This paper aims to present the missionary and reform activities of Boniface, the most important AngloSaxon missionary in Western Europe. AngloSaxon missionaries greatly contributed to the process of Christianization of Germanic tribes. Being the most important AngloSaxon religious representative, Boniface did more than merely perform missionary work. He received from the Pope the task of reforming the Church in Germany (eliminating the growing divergence between the clergy and the people) and returning the Frankish Church to Rome’s sphere of influence. The task received from Rome Boniface managed to accomplish only in part due to the bitter resistance of the Frankish clergy who did not tolerate him because he preached in their domain and wanted to subjugate them to Rome.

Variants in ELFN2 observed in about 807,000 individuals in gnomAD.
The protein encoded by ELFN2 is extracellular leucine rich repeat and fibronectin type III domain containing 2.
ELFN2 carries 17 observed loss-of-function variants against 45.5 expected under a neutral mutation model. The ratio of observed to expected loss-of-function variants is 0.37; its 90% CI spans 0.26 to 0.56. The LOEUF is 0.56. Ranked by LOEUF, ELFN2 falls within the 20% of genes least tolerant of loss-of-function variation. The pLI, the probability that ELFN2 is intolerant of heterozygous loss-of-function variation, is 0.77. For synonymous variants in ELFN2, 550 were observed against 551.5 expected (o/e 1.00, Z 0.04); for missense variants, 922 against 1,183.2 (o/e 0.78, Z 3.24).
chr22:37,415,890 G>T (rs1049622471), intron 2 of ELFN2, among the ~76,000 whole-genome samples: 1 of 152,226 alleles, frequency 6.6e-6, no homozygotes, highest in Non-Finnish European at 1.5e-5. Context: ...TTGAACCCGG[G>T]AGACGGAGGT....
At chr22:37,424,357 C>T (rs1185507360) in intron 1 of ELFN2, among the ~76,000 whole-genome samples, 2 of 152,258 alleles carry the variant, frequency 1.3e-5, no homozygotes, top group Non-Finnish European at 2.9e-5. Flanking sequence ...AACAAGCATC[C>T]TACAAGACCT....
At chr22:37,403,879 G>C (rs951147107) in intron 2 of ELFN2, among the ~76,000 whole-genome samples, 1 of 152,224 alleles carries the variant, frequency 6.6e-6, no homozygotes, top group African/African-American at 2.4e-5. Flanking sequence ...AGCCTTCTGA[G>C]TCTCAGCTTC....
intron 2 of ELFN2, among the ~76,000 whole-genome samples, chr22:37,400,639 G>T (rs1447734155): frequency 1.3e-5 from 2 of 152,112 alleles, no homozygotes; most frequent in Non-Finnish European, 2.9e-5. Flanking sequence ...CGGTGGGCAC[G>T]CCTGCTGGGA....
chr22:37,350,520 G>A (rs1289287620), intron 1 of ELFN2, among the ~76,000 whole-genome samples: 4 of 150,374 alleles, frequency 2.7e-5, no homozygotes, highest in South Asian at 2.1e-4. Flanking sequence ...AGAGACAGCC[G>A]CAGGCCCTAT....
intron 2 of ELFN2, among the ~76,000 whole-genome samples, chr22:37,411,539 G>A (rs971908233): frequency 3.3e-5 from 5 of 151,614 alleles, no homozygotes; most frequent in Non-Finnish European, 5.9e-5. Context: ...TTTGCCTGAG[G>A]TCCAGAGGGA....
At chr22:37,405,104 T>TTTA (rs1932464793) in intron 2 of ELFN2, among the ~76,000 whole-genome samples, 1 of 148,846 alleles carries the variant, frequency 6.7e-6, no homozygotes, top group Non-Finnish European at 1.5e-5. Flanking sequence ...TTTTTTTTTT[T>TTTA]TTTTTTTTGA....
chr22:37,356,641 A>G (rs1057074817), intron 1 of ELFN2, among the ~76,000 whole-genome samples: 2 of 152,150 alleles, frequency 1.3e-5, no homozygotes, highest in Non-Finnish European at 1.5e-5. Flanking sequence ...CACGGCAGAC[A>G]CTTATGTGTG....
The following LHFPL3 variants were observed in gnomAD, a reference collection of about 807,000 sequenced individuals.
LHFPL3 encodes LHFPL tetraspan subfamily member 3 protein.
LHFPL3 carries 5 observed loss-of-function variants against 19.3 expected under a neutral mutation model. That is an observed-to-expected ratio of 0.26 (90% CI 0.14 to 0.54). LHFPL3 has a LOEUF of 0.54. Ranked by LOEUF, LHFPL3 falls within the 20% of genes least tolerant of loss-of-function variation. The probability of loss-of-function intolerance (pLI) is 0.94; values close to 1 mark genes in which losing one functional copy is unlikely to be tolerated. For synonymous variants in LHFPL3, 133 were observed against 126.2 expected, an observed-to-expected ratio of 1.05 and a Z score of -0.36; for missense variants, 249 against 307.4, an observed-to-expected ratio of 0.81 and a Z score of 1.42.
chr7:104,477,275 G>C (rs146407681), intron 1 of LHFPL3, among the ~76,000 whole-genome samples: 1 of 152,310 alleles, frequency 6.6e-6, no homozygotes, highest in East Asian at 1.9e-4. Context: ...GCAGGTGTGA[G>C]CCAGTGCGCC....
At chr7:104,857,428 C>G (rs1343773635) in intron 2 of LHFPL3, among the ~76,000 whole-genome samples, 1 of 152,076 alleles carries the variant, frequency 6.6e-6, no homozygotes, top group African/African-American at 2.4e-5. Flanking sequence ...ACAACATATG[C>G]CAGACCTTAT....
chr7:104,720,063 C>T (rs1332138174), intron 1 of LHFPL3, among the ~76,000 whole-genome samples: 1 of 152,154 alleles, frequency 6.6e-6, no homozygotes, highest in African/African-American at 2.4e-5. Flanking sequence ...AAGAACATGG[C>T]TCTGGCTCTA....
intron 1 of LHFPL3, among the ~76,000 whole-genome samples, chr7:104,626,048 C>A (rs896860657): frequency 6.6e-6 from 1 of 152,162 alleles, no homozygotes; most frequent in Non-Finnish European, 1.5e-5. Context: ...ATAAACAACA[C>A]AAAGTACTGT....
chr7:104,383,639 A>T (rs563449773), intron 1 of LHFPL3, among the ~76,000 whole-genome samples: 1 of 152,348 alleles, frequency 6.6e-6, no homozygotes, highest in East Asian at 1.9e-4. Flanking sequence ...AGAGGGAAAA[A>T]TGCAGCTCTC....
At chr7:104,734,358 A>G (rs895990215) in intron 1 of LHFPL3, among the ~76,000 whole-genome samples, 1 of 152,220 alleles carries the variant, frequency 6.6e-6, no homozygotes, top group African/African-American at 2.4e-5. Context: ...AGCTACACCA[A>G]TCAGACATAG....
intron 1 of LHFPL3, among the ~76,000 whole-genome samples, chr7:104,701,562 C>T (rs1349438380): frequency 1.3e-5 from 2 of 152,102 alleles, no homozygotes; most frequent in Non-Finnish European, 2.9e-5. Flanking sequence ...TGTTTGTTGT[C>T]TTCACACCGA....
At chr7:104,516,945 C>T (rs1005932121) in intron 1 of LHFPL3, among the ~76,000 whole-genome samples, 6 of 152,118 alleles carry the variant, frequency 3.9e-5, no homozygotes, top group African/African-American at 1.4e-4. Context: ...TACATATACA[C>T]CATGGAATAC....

Boniface had a fair relationship with Charles Martel, but not as close one as Willibrord. Charles Martel helped him when he preached in areas that were not in the sphere of influence of the Frankish bishops. However, when Boniface received a pallium from the pope, he did not get a chair, nor was that potential chair elevated to the rank of archbishop because of the resistance of the Frankish bishop who did not want Boniface to infringe on their independence from Rome. Boniface became the titular archbishop and papal legate, but without a diocese to govern, in the part of the state he ruled. The agreement between Carloman and his brother Pepin enabled him to get a chair in Cologne, where he could not be enthroned, but was later appointed to Mainz. The withdrawal of Carloman to the monastery of Monte Cassino weakened Boniface’s position in Francia. As a result, he had to implore the abbot of the monastery of SaintDenis, Fulrad, to influence Pepin that Lull, whom Boniface appointed as his heir, could succeed him to the chair of the bishop of Mainz. Boniface’s successors maintained contacts with the Frankish rulers, using their logistic assistance in the baptism of pagans. The importance of Boniface as a prominent member of the Frankish Church was recognized after his martyrdom, and he became the first saint of the Carolingian period.